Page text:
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There’s been a lot of discussion lately concerning the safety of civilians while in the hands of law enforcement. That is why many feel it is time that police officers begin employing the use of body cameras. Several communities argue it’s necessary in order to maintain public safety. Recorded footage also functions as an excellent source of evidence providing a real-time sequence in which events take place.

I won’t go into the nitty gritty of such incidents because it’s most likely being covered in your evening news, but the fact of the matter is too many victims are losing their lives unnecessarily at the hands of police. To call this growing phenomenon a coincidence dismisses discrepancies within the police force. Tactics such as profiling are securely embedded within police culture, but that still fails to explain the considerable amount of police shootings. Though the introduction of body cameras will not guarantee an end to these occurrences, they may provide insight to the missing links that currently loom over these events.

In San Francisco, the SFPD has experienced numerous delays in rolling out body-worn cameras, a plan that was originally announced back in 2011. And last year, the White House announced their plan to equip more officers with cameras, designating a three year budget of $75 million in equipment alone. But why hasn’t anyone seen these plans executed? It’s not as if the funding isn’t available or resources don’t exist. In fact, several companies have responded to the public’s demands and inquiries, presenting law enforcement with a variety of directions to chose from. Some will argue the hassle associated with troubleshooting, while others claim body-worn devices are invasive to suspects and officers alike.

Arizona’s Taser International just revealed its newest model, the Axon Body 2, offering unlimited HD data storage, combining mobile and cloud-based technologies to provide seamless real-time recordings. The Axon 2 is also compatible with Axon Flex, the tiny clip-on camera that can be mounted to safety glasses. At $399, agencies can opt for Taser’s monthly cloud services of an additional $79. With a tough exterior and high-end specs, the Axon can withstand numerous conditions and perform in various lighting conditions.

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Similarly, the video surveillance company, Digital Ally, offers their own data management system, VuVault.com, that syncs with the VuVaultGo app and FirstVu HD camera. Like Taser, Digital Ally and many other companies are offering services ranging from data storage to mobile access in an attempt to avoid third-party involvement. Many designers are hopeful that this route will ensure the handling of private information is executed seamlessly and with discretion.

Just last week, Motorola Solutions tossed their name into the body-cam lottery with the release of the Smart Interface series. What they have to show demonstrates the vast possibilities in functionality and design. Models Si300 and Si500 consolidate video and audio recording, along with radio dispatch into one compact device. But Motorola doesn’t offer any type of data storage like its competitors. So who can you count on? Microsoft.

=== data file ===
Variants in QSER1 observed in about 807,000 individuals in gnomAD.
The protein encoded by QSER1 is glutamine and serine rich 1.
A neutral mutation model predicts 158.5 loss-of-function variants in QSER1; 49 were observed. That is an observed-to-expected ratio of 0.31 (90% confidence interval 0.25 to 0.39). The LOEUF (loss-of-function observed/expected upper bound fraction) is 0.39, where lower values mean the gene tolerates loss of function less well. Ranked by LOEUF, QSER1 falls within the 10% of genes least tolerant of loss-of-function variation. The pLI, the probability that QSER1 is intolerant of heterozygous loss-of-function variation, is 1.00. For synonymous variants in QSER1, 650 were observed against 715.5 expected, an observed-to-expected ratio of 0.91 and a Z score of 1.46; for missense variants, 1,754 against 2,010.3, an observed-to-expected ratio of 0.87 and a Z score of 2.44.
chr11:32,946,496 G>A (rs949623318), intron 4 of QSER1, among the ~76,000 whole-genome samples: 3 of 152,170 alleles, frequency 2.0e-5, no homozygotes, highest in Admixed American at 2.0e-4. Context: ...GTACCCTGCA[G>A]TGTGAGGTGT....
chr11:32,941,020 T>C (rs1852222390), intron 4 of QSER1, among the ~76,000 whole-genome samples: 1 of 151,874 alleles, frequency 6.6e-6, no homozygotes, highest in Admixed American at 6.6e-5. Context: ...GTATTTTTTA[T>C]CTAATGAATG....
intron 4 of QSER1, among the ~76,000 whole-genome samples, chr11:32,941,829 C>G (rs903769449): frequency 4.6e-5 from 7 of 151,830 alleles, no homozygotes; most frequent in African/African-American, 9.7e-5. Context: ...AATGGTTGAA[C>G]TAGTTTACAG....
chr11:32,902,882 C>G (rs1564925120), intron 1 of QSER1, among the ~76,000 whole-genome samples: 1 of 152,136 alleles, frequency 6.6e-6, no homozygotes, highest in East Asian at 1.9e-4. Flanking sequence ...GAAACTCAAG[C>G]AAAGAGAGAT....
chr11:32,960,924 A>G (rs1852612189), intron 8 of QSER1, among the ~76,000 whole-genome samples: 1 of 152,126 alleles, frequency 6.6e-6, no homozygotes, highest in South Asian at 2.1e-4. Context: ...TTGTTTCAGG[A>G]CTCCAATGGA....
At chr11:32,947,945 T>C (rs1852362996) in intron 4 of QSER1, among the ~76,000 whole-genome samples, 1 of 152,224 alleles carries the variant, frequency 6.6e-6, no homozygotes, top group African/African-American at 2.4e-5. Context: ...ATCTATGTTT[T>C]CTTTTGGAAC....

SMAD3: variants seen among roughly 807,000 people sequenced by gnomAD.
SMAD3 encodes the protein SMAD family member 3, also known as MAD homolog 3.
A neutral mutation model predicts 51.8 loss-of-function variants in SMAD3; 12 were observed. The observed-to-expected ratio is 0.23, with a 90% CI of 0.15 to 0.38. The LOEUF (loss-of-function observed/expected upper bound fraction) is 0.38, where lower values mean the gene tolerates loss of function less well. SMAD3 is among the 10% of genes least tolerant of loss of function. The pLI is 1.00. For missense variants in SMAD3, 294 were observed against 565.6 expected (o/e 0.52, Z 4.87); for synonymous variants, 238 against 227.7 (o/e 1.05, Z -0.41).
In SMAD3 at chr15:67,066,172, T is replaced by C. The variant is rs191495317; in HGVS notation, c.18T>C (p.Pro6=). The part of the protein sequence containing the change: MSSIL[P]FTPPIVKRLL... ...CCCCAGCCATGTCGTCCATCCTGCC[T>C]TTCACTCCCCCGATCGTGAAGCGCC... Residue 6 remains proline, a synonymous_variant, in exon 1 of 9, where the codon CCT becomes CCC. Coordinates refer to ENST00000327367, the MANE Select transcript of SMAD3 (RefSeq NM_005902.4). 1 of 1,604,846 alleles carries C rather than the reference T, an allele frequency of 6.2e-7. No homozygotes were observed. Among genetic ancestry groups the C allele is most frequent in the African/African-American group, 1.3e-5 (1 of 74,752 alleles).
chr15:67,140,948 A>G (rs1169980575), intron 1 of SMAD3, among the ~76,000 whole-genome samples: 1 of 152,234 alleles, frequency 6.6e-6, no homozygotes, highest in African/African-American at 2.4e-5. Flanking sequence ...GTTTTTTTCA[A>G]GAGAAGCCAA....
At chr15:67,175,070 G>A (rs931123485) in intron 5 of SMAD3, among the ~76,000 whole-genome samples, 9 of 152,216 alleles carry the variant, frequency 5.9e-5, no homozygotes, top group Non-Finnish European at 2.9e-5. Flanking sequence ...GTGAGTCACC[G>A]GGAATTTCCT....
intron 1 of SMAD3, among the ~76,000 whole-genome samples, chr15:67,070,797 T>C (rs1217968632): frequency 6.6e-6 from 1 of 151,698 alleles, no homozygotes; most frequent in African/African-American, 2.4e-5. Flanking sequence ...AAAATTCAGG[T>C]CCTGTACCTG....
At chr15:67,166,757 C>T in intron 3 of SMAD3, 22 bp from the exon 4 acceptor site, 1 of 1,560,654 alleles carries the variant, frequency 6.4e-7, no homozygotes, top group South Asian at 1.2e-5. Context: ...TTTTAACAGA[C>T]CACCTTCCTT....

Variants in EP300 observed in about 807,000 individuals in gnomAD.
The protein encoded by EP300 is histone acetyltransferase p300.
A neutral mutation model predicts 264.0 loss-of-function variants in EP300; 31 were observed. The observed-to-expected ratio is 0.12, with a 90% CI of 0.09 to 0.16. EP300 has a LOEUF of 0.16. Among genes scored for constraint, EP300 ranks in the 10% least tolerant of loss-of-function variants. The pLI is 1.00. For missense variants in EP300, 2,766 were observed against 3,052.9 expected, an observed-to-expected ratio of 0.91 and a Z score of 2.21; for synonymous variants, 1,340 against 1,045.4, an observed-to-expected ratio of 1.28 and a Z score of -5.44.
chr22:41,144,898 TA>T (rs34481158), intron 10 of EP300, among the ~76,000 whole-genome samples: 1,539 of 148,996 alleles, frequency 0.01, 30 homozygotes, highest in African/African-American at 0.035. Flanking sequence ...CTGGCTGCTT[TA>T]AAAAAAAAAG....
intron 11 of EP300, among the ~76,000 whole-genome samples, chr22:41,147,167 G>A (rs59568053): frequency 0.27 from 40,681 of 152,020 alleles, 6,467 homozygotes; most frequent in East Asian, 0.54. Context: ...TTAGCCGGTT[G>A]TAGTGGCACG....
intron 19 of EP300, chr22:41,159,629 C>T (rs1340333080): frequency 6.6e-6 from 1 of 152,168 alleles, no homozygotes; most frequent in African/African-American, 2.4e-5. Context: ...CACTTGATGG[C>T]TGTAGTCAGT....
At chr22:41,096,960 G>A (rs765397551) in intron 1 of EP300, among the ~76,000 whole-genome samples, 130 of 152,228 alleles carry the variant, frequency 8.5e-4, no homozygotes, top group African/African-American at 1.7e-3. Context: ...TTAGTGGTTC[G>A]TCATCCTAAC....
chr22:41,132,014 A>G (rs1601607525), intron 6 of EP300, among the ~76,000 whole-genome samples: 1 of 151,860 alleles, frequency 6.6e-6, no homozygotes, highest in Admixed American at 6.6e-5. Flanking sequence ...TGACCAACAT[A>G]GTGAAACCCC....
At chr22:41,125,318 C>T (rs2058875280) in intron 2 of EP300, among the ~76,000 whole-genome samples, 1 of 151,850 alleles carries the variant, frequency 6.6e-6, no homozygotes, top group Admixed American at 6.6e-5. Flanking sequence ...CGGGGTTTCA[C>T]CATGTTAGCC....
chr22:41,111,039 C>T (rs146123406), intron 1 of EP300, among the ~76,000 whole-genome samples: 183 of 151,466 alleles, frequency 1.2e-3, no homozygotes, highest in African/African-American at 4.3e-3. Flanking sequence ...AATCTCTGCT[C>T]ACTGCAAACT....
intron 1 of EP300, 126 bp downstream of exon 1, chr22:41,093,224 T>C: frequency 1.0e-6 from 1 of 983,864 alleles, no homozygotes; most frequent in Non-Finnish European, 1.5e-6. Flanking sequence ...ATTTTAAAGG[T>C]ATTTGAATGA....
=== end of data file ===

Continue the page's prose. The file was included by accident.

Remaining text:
Offering a “trusted cloud,” Microsoft has definitely upped the ante with their release of Azure Government Cloud. And for all the skeptics worrying if Azure is tough enough to withstand countless files of confidential information, the software giant vows to provide top-notch security, and is currently the only cloud platform to abide by CJIS guidelines. That is definitely a sure way to build a trusting relationship.

And that is not all for Microsoft; they’ve recently paired up with Taser to create a digital environment specifically geared towards law enforcement needs, making them the toughest virtual crime-fighters on the block. Implementing Windows 10 and Azure Government, data will be collected from the Axon 2 and yield a handful of other supplemental databases to work from, including Axon’s Evidence.com, a data management workflow. This combination is similar to Apple’s Batch Monitor and flickr, a much needed resource when scrubbing through endless hours of footage equipped with file sharing capabilities. What will this experience offer that differs from the rest of the market? More support for officers and more transparency to ease public concerns.

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From analyzing to file sharing, this partnership will be the first of its kind to deliver on performance driven and industry-leading data collection available to local governments. Before Mircosoft’s involvement, Amazon was the largest and most trusted provider in government data storage via their Web Services (AWS), but that has since shifted as services are being tailored to address the conversation that has most of America concerned: safety.

So who’s missing from this heated colloquy? GoPro, who coincidentally, profits from several military and government organizations. Surely their line of products are rugged enough for duty, but it seems they’ve missed out on the opportunity, or have no interest delving into the subject even though talk has circulated concerning the company’s current endeavors: drones and cloud service. Is there a possibility in the making? That continues to remain a mystery.

The recent uprisings that have spread across America have launched a roundtable discussion highlighting the rise of police misconduct, urging reform within law enforcement. Outfitting our officers with technology to hold them accountable for their actions is certainly a step in the right direction.

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